Ongoing ocean warming can release methane (CH4) currently stored in ocean sediments as free gas and gas hydrates. Once dissolved in ocean waters, this CH4 can be oxidized to carbon dioxide (CO2). While it has been hypothesized that the CO2 produced from aerobic CH4 oxidation could enhance ocean acidification, a previous study conducted in Hudson Canyon shows that CH4 oxidation has a small short-term influence on ocean pH and dissolved inorganic radiocarbon. Here we expand upon that investigation to assess the impact of widespread CH4 seepage on CO2 chemistry and possible accumulation of this carbon injection along 234 km of the U.S. Mid-Atlantic Bight. Consistent with the estimates from Hudson Canyon, we demonstrate that a small fraction of ancient CH4-derived carbon is being assimilated into the dissolved inorganic radiocarbon (mean fraction of 0.5 ± 0.4%). The areas with the highest fractions of ancient carbon coincide with elevated CH4 concentration and active gas seepage. This suggests that aerobic CH4 oxidation has a greater influence on the dissolved inorganic pool in areas where CH4 concentrations are locally elevated, instead of displaying a cumulative effect downcurrent from widespread groupings of CH4 seeps. A first-order approximation of the input rate of ancient-derived dissolved inorganic carbon (DIC) into the waters overlying the northern U.S. Mid-Atlantic Bight further suggests that oxidation of ancient CH4-derived carbon is not negligible on the global scale and could contribute to deepwater acidification over longer time scales.
Plain Language Summary
Ocean acidity may be enhanced not only due to the oceanic uptake of atmospheric carbon dioxide but also through temperature-driven processes that can mobilize ancient carbon stores and generate additional carbon dioxide. One of these processes is the oxidation of methane derived from seafloor seepage. Here, we investigate if the widespread release and subsequent oxidation of seep methane into carbon dioxide could contribute to the acidification of deep waters along the U.S. Mid-Atlantic Bight. Our results suggest that over short time scales, methane's role in enhancing ocean acidification is small. However, over longer time periods, methane-derived carbon could contribute to deepwater acidification.
- The influence of aerobic methane oxidation on carbon dioxide and pH is investigated the U.S. Mid-Atlantic Bight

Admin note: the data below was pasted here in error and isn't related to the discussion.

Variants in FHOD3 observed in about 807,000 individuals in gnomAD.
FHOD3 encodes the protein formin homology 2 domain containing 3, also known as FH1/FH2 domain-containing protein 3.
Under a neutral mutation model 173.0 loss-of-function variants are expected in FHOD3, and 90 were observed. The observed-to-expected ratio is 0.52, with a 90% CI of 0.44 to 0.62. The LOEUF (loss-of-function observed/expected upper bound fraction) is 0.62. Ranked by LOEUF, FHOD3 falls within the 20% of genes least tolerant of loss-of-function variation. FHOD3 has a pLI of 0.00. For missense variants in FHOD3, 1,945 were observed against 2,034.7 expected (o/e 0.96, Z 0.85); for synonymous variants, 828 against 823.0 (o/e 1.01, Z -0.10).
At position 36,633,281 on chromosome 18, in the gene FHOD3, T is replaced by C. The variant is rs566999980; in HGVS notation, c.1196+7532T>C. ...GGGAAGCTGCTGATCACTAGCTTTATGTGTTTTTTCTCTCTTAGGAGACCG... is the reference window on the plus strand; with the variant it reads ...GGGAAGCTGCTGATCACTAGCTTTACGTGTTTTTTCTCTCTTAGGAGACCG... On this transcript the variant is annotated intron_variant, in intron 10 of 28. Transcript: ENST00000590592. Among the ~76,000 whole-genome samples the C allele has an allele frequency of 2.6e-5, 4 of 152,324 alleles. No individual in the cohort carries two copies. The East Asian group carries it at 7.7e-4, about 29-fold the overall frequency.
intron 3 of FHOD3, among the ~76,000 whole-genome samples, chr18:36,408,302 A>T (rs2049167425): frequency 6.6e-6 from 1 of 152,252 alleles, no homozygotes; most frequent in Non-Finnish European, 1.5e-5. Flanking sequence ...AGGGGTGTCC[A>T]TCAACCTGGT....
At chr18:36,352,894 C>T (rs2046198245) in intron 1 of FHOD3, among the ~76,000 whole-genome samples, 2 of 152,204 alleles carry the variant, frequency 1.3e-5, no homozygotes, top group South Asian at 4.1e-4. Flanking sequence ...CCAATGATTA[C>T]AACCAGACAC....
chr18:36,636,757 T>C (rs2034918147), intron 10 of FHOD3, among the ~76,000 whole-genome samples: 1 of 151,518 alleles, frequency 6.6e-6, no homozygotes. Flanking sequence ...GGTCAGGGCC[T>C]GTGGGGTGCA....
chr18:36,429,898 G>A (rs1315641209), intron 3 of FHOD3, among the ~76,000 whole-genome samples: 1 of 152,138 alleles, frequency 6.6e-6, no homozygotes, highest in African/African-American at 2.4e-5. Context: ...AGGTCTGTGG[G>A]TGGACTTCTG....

- A small fraction of ancient-methane derived carbon is assimilated into the dissolved inorganic carbon
- Oxidation of ancient methane-derived carbon could contribute to deepwater acidification over longer time scales
A significant fraction of the carbon dioxide (CO2) emitted to the atmosphere since the preindustrial Holocene has been taken up by the oceans, leading to higher surface water CO2 levels (Broecker et al., 1979; Canadell et al., 2007; Doney et al., 2009; Quay et al., 1992). While this uptake of anthropogenic CO2 has helped mitigate atmospheric warming, the rate at which CO2 is being taken up by the surface ocean is unprecedented over the past 66 million years (Zeebe et al., 2016) and is contributing to a pH decline in surface waters (Feely et al., 2004; Orr et al., 2005). Ocean acidification has received increasing attention due to its negative impact on calcifying organisms and ocean ecosystems (Doney et al., 2009; Feely et al., 2004; Orr et al., 2005). It has been estimated that since the Industrial Revolution, ocean pH has decreased by 0.1 units, and pH is predicted to decrease by another 0.3–0.4 units by the end of the 21st century (Feely et al., 2009).
While predictions only consider acidification due to the uptake of atmospheric CO2, other natural and anthropogenic processes can interact to exacerbate local pH decline. In addition to rising atmospheric CO2 uptake, eutrophication in coastal regions and the degradation of terrestrial organic carbon in Arctic coastal shelves have been recognized as processes that further increase seawater CO2 (Alling et al., 2012; Cai et al., 2011; Feely et al., 2010; Semiletov et al., 2016; Sunda & Cai, 2012). Similarly, aerobic microbial oxidation of methane (CH4) produces CO2 and could increase the acidity of bottom waters (Biastoch et al., 2011; Boudreau et al., 2015; Ruppel, 2011; Zachos et al., 2005).
Marine continental slopes hold the largest climate-sensitive CH4 reservoirs in the form of gas hydrates and are currently susceptible to degradation due to warming waters (Ciais et al., 2013; Kvenvolden, 1988; Phrampus & Hornbach, 2012; Ruppel, 2011; Ruppel & Kessler, 2017; Stranne et al., 2016). It has been estimated that warming of bottom waters under a global warming scenario where CO2 increases yearly by 1% could destabilize gas hydrate deposits and inject 560 to 2,140 Tg yr−1 of CH4 into ocean waters (Lamarque, 2008). Despite the initial view that CH4 emitted from the seafloor would escape to the atmosphere and enhance global warming (Archer et al., 2009; Krey et al., 2009; Kvenvolden et al., 2001), recent studies show that most CH4 stays in the water column, alleviating the direct impact of this greenhouse gas on climate (e.g., Lamarque, 2008; Leonte et al., 2017, 2020; McGinnis et al., 2006; Ruppel & Kessler, 2017). However, dissolved CH4 is efficiently oxidized to carbon dioxide (CO2) by methanotrophic archaea and bacteria (e.g., Chan et al., 2019; Du & Kessler, 2012; Kessler et al., 2011; Leonte et al., 2017; Mau et al., 2012; Valentine et al., 2001) which could potentially affect ocean inorganic carbon chemistry and enhance ocean acidification (Biastoch et al., 2011; Boudreau et al., 2015; Ruppel, 2011; Zachos et al., 2005).